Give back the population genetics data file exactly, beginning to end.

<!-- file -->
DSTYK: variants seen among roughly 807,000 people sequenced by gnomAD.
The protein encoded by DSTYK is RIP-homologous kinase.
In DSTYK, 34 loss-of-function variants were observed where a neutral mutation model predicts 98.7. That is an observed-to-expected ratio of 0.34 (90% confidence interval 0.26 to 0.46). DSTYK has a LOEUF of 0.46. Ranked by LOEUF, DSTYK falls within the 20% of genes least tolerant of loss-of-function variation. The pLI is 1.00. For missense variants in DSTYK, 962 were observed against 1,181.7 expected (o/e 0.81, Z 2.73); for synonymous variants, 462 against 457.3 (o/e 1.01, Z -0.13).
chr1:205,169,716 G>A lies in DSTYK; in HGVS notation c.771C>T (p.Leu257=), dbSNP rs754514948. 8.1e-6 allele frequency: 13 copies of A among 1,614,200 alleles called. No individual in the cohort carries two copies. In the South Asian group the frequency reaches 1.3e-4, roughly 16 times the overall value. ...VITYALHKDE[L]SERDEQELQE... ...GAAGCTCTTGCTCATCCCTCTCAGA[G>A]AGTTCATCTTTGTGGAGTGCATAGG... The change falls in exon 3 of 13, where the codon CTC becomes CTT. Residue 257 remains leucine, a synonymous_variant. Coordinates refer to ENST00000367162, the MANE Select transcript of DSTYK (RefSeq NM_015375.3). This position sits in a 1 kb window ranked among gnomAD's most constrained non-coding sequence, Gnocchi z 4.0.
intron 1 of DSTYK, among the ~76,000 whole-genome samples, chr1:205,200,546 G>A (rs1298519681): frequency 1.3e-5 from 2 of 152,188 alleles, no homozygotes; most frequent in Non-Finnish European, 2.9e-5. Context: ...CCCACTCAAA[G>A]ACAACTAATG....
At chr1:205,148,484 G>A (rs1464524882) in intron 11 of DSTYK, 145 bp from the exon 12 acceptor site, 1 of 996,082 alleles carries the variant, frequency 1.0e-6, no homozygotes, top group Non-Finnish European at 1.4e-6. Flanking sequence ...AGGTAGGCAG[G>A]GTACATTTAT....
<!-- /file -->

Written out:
DSTYK: variants seen among roughly 807,000 people sequenced by gnomAD.
The protein encoded by DSTYK is RIP-homologous kinase.
In DSTYK, 34 loss-of-function variants were observed where a neutral mutation model predicts 98.7. That is an observed-to-expected ratio of 0.34 (90% confidence interval 0.26 to 0.46). DSTYK has a LOEUF of 0.46. Ranked by LOEUF, DSTYK falls within the 20% of genes least tolerant of loss-of-function variation. The pLI is 1.00. For missense variants in DSTYK, 962 were observed against 1,181.7 expected (o/e 0.81, Z 2.73); for synonymous variants, 462 against 457.3 (o/e 1.01, Z -0.13).
chr1:205,169,716 G>A lies in DSTYK; in HGVS notation c.771C>T (p.Leu257=), dbSNP rs754514948. 8.1e-6 allele frequency: 13 copies of A among 1,614,200 alleles called. No individual in the cohort carries two copies. In the South Asian group the frequency reaches 1.3e-4, roughly 16 times the overall value. ...VITYALHKDE[L]SERDEQELQE... ...GAAGCTCTTGCTCATCCCTCTCAGA[G>A]AGTTCATCTTTGTGGAGTGCATAGG... The change falls in exon 3 of 13, where the codon CTC becomes CTT. Residue 257 remains leucine, a synonymous_variant. Coordinates refer to ENST00000367162, the MANE Select transcript of DSTYK (RefSeq NM_015375.3). This position sits in a 1 kb window ranked among gnomAD's most constrained non-coding sequence, Gnocchi z 4.0.
intron 1 of DSTYK, among the ~76,000 whole-genome samples, chr1:205,200,546 G>A (rs1298519681): frequency 1.3e-5 from 2 of 152,188 alleles, no homozygotes; most frequent in Non-Finnish European, 2.9e-5. Context: ...CCCACTCAAA[G>A]ACAACTAATG....
At chr1:205,148,484 G>A (rs1464524882) in intron 11 of DSTYK, 145 bp from the exon 12 acceptor site, 1 of 996,082 alleles carries the variant, frequency 1.0e-6, no homozygotes, top group Non-Finnish European at 1.4e-6. Flanking sequence ...AGGTAGGCAG[G>A]GTACATTTAT....